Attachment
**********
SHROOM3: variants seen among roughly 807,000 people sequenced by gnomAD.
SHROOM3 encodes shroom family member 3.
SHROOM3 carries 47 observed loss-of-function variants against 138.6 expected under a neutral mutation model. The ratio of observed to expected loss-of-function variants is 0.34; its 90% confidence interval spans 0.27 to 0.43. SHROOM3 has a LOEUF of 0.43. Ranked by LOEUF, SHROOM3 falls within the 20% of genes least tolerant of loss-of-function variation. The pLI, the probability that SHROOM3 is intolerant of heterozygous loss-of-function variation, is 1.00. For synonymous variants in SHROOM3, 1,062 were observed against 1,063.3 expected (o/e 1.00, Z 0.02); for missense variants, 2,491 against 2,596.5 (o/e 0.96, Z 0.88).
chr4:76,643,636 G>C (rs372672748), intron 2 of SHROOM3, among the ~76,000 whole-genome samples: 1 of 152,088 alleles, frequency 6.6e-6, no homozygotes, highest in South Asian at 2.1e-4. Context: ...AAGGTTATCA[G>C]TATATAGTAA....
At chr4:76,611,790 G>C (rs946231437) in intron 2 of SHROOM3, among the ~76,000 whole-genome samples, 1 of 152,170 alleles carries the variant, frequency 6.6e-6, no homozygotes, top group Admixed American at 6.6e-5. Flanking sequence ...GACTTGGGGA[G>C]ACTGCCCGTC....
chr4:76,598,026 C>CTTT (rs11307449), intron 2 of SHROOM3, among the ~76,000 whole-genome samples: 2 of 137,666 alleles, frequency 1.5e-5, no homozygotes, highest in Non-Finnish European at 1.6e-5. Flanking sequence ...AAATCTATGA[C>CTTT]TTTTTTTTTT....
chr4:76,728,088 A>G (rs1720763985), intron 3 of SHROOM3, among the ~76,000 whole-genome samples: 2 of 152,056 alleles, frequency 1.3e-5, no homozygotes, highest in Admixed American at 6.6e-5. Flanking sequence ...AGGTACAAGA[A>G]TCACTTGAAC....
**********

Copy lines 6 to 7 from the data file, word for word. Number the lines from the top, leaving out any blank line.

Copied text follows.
chr4:76,598,026 C>CTTT (rs11307449), intron 2 of SHROOM3, among the ~76,000 whole-genome samples: 2 of 137,666 alleles, frequency 1.5e-5, no homozygotes, highest in Non-Finnish European at 1.6e-5. Flanking sequence ...AAATCTATGA[C>CTTT]TTTTTTTTTT....
chr4:76,728,088 A>G (rs1720763985), intron 3 of SHROOM3, among the ~76,000 whole-genome samples: 2 of 152,056 alleles, frequency 1.3e-5, no homozygotes, highest in Admixed American at 6.6e-5. Flanking sequence ...AGGTACAAGA[A>G]TCACTTGAAC....